In the sport of rowing, each crew member has to row in synchrony or the boat risks undesired turns and even potential tipping. It takes practice, communication and discipline for each crew member to raise their oar to the appropriate height and apply the appropriate power. Obviously, those crews who work best together are more likely to win.
When it comes to winning at digital transformation, the same is true for the executive crew or C-suite. However, the drive to digitally transform enterprises rapidly puts a strain across C-suite relationships.
That’s the main takeaway from a new report published by the Financial Times Focus and business management software provider Apptio, “Disruption in the C-suite.” The report is based on a survey of 555 senior executives, about half in CxO roles and from Australia, Denmark, France, Germany, Italy, Japan, the Netherlands, Norway, Spain, Sweden, the UK and the U.S.
The survey found considerable uncertainty regarding the IT department’s ability to be effective. In fact, 51% of respondents said they have concerns about IT’s ability to govern cloud adoption. And, surprisingly, less than one-fifth of companies using agile have defined performance indicators they use to track their results.
Further, 47% of leaders surveyed agreed digital transformation has blurred work responsibilities throughout the C-suite. And the same number of respondents admitted digital transformation has exacerbated strategic differences among finance and IT leaders. In fact, 71% of finance leaders said the IT function needs greater influencing skills to deliver the change their business requires.
According to the survey, while the CFO was the least deeply aligned member of the C-suite crew with the CIO, the lack of deep alignment with the CIO’s office and other C-level executives was shown to be disturbingly common. Only 56% of CEOs reported being deeply aligned with the CIO, the survey found.
There are signs of hope. Eighty-seven percent of respondents in the U.S. said digital transformation has increased collaboration across C-level executives when it came to developing new products and services.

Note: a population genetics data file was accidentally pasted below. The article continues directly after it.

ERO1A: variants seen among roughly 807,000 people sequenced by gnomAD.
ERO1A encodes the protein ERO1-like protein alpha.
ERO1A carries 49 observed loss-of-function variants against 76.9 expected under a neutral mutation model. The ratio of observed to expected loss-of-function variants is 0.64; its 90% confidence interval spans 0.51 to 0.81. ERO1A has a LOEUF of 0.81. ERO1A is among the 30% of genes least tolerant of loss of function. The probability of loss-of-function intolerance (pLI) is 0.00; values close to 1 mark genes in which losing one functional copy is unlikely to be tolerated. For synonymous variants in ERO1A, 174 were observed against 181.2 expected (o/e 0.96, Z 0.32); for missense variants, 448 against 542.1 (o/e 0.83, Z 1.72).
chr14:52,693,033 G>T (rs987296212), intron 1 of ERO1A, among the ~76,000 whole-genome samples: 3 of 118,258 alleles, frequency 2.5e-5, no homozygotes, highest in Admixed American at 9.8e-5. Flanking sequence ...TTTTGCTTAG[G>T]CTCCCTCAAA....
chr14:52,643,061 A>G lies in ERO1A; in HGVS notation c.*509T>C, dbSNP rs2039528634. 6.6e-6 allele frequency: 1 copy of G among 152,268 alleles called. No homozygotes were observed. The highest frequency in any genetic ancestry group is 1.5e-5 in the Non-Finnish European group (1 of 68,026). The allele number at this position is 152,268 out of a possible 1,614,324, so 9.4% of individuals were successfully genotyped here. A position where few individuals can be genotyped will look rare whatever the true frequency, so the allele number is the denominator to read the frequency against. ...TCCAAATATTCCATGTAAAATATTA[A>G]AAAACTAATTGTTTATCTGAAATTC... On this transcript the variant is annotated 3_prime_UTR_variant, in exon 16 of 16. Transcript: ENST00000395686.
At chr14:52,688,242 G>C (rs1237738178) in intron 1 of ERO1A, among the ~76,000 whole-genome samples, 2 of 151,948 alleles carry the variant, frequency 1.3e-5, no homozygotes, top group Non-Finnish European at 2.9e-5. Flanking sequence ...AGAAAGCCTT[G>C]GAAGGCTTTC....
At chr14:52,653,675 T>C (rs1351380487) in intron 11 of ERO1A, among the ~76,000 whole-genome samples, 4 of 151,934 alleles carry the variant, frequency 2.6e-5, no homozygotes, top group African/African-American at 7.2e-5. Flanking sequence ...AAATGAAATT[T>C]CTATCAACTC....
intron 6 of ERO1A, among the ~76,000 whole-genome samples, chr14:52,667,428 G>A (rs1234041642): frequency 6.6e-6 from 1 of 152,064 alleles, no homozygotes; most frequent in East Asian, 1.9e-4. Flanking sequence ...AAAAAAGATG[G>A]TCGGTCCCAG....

Still, 63% of those surveyed said the IT function needs greater influencing skills to deliver the change their business requires.
That lack of influencing skills—and lack of defined metrics to measure progress—has taken its toll. About one-third of CFOs said there is a lack of consensus among CxOs when it comes to how to measure the impact of new technologies.
It’s interesting, 56% of respondents said they shift their IT strategy continuously as their technology leaders receive input from the business and customers. That’s hopefully advantageous, but with so much digital transformation discord among technology and business leaders within organizations, it’s a coin flip whether that’s good stewardship or blind steering.
It’s absolutely vital that organizations get their digital transformation efforts right, and to also be able to do so successfully at the necessary speed. As we covered in the recent story, “Digital Transformation Vital for Business Survival,” 78% of organizations believe their company’s primary industry is evolving rapidly and digital transformation is necessary to survive the changes underway.
Those businesses cited enhanced customer experience and customer relationship management, the ability to maintain competitiveness, enabling new ways of doing business, increased productivity, cost savings, increased revenue generation and enhanced product development.
Few would doubt the accuracy of that assessment, nor that the entire C-suite crew must be in synchrony, understand each other’s roles and objectives and know where the entire team is heading. Otherwise, the entire effort is likely to veer off course.